More top defense industry executives and lobbyists have written checks to the re-election campaign of Mac Thornberry than to his potential rivals for the House Armed Services Committee chairmanship.
Wes Bush, chairman and chief executive officer of Northrop Grumman Corp. (NOC:US), gave $2,500 to Thornberry, according to Federal Election Commission records. Contributions to the Texas Republican’s campaign from executives of Falls Church, Virginia-based company added up to $16,500, according to 2013 year-end FEC filings.
The Northrop executives didn’t write personal checks to the campaigns of Thornberry’s potential Republican competitors for the chairmanship, Randy Forbes of Virginia and Mike Turner of Ohio. They did give to the campaign of current Armed Services Chairman Buck McKeon of California before he announced his plans to retire.
“It’s a classic case of someone who is next in line,” David Wasserman, House editor of the nonpartisan Cook Political Report, said of the donations to Thornberry. He said it’s a sign of “someone who’s elevation is anticipated and, as a result, there is an infusion of campaign funds.”
Among the contributors to Thornberry, Sid Ashworth, vice president of Northrop’s Government Affairs unit and a former Senate Appropriations Committee staff member, donated $1000. Several other leaders in the company, including Gloria Flach, the president of the electronic systems unit, also gave to him. Those donations all were dated Nov. 4, 2013.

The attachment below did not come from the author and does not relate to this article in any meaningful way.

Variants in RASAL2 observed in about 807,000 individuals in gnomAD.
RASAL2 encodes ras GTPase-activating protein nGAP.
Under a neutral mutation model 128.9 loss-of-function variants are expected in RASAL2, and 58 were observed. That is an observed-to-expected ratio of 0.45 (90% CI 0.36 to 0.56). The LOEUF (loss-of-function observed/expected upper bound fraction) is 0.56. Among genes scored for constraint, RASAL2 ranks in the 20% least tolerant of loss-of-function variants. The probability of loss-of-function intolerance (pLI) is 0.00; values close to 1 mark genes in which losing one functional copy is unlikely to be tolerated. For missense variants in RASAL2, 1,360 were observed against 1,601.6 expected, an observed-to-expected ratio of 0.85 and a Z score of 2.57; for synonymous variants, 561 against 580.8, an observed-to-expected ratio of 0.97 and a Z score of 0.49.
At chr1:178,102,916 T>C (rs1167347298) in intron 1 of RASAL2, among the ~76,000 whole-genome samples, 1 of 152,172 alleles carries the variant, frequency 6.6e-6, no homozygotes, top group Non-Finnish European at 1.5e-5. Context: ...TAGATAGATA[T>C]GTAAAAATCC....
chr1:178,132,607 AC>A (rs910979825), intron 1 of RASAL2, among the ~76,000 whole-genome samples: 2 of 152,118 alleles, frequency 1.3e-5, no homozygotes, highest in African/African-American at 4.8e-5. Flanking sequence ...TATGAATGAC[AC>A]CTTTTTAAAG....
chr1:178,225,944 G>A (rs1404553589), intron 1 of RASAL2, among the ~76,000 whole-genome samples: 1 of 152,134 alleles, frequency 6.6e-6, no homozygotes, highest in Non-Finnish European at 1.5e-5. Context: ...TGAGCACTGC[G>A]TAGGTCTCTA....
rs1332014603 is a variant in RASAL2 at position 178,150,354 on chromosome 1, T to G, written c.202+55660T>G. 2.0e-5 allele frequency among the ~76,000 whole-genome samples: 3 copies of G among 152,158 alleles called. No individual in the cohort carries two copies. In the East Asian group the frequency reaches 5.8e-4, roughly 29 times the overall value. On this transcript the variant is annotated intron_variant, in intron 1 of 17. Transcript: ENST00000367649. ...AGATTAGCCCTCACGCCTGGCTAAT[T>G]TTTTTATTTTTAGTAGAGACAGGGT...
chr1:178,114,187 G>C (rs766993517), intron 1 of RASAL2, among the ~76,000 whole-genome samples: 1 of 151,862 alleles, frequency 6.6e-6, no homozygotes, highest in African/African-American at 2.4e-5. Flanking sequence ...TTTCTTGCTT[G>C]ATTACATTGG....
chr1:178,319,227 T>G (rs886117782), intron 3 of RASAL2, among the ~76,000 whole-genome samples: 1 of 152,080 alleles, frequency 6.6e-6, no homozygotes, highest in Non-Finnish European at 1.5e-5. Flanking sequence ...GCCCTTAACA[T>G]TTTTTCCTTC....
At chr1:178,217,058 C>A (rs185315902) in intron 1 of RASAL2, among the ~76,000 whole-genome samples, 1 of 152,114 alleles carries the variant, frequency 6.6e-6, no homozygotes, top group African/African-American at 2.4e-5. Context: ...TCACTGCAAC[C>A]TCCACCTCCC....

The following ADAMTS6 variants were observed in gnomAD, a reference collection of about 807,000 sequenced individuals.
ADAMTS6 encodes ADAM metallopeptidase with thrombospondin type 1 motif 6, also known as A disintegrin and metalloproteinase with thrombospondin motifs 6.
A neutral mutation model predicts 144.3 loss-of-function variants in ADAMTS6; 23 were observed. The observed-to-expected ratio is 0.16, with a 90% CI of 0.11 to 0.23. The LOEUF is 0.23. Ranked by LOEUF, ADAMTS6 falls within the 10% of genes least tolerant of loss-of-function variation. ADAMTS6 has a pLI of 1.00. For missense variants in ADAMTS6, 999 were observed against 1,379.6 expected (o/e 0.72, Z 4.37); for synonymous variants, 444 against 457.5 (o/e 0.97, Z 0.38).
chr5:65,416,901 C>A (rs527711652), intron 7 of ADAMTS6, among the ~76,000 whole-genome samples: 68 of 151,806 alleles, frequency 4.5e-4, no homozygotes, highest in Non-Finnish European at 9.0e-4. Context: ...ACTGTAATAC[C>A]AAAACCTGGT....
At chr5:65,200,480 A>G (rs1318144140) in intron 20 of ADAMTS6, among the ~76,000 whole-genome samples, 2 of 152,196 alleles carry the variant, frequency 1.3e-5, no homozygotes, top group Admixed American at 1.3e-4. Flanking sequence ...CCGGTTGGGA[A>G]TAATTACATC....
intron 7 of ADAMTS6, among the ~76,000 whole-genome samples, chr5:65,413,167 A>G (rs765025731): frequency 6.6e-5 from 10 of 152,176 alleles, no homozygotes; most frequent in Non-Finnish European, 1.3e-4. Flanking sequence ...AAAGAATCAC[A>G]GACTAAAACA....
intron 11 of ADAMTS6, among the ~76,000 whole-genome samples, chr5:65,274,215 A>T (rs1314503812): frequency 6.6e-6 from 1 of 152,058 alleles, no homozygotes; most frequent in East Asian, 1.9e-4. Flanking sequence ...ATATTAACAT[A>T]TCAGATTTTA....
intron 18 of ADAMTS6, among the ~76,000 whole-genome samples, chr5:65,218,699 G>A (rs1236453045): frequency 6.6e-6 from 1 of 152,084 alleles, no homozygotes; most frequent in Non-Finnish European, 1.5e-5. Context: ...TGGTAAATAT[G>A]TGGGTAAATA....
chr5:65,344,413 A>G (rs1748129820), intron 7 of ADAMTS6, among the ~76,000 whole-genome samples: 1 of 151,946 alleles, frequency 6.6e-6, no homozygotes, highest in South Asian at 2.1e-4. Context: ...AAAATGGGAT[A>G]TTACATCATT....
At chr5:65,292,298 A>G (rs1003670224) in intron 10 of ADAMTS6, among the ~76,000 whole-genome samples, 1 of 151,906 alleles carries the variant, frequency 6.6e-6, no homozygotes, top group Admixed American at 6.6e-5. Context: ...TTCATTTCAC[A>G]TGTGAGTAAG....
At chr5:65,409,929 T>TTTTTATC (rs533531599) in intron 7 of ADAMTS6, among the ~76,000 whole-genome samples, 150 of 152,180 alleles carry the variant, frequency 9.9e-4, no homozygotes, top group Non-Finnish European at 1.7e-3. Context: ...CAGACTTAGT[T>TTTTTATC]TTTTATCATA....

The company’s political action committee also gave $10,000, according to the Washington-based Center for Responsive Politics.
Bush and Ashworth donated to McKeon, as did James Blue, CEO of General Atomics, the maker of Predator drones.
FEC records also show contributions to Thornberry’s campaign from defense lobbyists, including James Dyer of the Podesta Group and James Ervin of Ervin Hill Strategy. John Scofield, a former House Appropriations Committee staff member who now runs his own shop, Shockey Scofield Solutions, donated $1,000 to Thornberry’s re-election.
Last month, Thornberry got a boost in his chairmanship bid, winning the endorsement of incumbent McKeon, who said his colleague from Texas would be an “excellent” leader of the panel.
Thornberry serves in a newly created committee position, vice chairman, and was assigned by McKeon to examine ways to overhaul the Pentagon’s acquisition practices.
Though the Forbes and Turner re-election campaigns trailed Thornberry on contributions from defense executives, both won backing from defense companies’ political action committees, including those of Bethesda, Maryland-based Lockheed Martin Corp. (LMT:US), Newport News, Virginia-based Huntington Ingalls Industries (HII:US) and Falls Church, Virginia-based General Dynamics Corp. (GD:US)
Huntington Ingalls and BAE Systems (BA/) have a naval industrial presence in Virginia and the Hampton Roads area that Forbes represents. He’s also the chairman of the Armed Services Seapower and Projection Forces Subcommittee.
As is customary for lawmakers eyeing powerful chairmanships, Thornberry is taking care of his colleagues, having donated $165,000 for the 2013-2014 election cycle to the National Republican Campaign Committee, the House Republicans’ election arm, the records show.
Forbes has donated about $62,000 to the NRCC, while Turner gave about $7,000 before the end of 2013, according to the FEC records.
When the Center for Responsive Politics categorized donations based on FEC data available in mid-December, Thornberry ranked among the top 10 in donations from the defense industry, with $147,000.
Forbes’s campaign had received $90,000 from defense interests during the same period while Turner had collected $39,000, according to the data.
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